Exploitation is at the root of almost everything which cossets us.  If you find this difficult to accept, then look through your larder, your wardrobe, your home and your garage and trace the contents back to the Third World with its sweated labour, to the receding rain forests, to insecticide sprays, to animal research laboratories, to intensive farms and abattoirs, to the victims of the war in the Gulf [and I, Kathy, add: in likely any war that befalls mankind].  But at the same time remember that they who are exploited, given the opportunity, would themselves exploit.  This is what it is to be human.  This is what it is to be fallen.  This is what it is to need a Saviour:

“For all have sinned and come short of the glory of God, and are justified freely by his grace through the redemption that came by Christ Jesus. “ (Romans 3:23)

How eagerly we reach out for the saving love of Jesus the Good Shepherd – not quite so eagerly, perhaps to the judgment of Jesus, the Lamb who sits upon the throne.

To read May’s entire article:  THE GULF WAR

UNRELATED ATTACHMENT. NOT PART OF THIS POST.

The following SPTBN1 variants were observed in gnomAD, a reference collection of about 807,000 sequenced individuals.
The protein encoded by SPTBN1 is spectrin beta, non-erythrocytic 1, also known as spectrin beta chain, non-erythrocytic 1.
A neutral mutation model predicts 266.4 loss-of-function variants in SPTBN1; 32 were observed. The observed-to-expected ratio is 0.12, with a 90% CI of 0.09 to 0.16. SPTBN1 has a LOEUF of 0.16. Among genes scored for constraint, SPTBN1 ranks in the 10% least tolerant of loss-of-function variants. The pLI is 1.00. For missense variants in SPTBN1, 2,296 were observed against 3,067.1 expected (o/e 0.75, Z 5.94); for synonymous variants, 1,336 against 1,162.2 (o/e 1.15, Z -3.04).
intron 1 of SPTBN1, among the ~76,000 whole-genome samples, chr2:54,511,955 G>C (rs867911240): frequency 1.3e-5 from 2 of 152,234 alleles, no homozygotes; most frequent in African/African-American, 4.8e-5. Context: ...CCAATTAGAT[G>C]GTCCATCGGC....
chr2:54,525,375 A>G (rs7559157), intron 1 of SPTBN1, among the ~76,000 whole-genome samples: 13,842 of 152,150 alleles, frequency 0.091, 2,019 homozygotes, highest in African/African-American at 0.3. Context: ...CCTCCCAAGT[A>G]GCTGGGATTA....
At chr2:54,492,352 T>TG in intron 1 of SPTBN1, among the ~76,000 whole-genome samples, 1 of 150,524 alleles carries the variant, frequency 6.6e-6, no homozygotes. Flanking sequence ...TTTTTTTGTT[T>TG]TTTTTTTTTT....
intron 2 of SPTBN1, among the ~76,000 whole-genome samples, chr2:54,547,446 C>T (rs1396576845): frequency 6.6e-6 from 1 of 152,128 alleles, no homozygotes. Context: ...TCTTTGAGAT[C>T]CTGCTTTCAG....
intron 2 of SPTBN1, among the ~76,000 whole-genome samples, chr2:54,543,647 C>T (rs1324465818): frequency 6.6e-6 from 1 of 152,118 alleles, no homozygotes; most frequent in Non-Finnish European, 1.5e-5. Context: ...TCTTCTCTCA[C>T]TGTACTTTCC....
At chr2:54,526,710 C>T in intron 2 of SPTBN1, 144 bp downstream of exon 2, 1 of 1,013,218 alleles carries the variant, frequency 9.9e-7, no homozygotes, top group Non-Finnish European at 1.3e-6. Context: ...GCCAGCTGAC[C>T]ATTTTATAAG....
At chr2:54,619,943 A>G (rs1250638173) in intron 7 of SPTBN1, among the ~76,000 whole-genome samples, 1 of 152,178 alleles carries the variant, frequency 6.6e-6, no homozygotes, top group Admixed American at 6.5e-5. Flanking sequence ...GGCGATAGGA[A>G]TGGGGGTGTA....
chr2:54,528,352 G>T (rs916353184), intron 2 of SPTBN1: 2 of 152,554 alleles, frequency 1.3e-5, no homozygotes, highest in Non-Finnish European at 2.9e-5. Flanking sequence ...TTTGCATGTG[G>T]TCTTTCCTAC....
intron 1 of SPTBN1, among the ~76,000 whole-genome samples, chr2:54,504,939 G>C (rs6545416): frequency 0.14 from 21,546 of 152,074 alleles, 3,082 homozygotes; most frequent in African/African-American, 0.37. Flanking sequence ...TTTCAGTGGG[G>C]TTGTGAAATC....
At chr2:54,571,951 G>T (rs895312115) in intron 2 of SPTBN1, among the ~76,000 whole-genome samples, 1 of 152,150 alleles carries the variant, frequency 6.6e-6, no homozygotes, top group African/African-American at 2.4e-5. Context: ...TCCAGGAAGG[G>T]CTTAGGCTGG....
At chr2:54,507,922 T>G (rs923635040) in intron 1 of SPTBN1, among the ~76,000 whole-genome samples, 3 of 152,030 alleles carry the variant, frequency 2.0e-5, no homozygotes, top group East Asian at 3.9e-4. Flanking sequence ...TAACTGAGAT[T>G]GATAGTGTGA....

Today in America, wherever we are, however we commemorate this day, let’s also remember the fallen animals who also died while at war.


Thank you for reading and following our blog; we pray it is a blessing to you and that you will share it widely, thank you!  We welcome any comments.  Blessings ~ Kathy

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5 Responses to Remembering the Fallen at War – Human and Animal

  1. We definitely need to always remember the animals as well and, as was said, it was never their choice to be there.

    Liked by 3 people

  2. Kathy says:

    Hi LeeAnn thank you for your comment. Yes, and truly, so looking toward the day when mankind will not make it their choice, too. Blessings.

    Liked by 3 people

  3. cath hurwood says:

    they were not volunteers, they were victims. You can help remember the animal victims of war by wearing a purple poppy.

    Liked by 2 people

  4. Roslyne says:

    As members of our local church in the UK are planning to make a cascade of poppies to display inside the church during Remembrance time in November, I have arranged for us to include some purple poppies in amongst the red ones. I have explained that these are to commemorate the millions of animals, such as horses, mules, elephants, messenger pigeons, sniffer dogs, mine detection dolphins etc. who were used and suffered as victims of war; as well as those animals who suffer in wars today and those who are used in experiments for war weapons.

    Liked by 1 person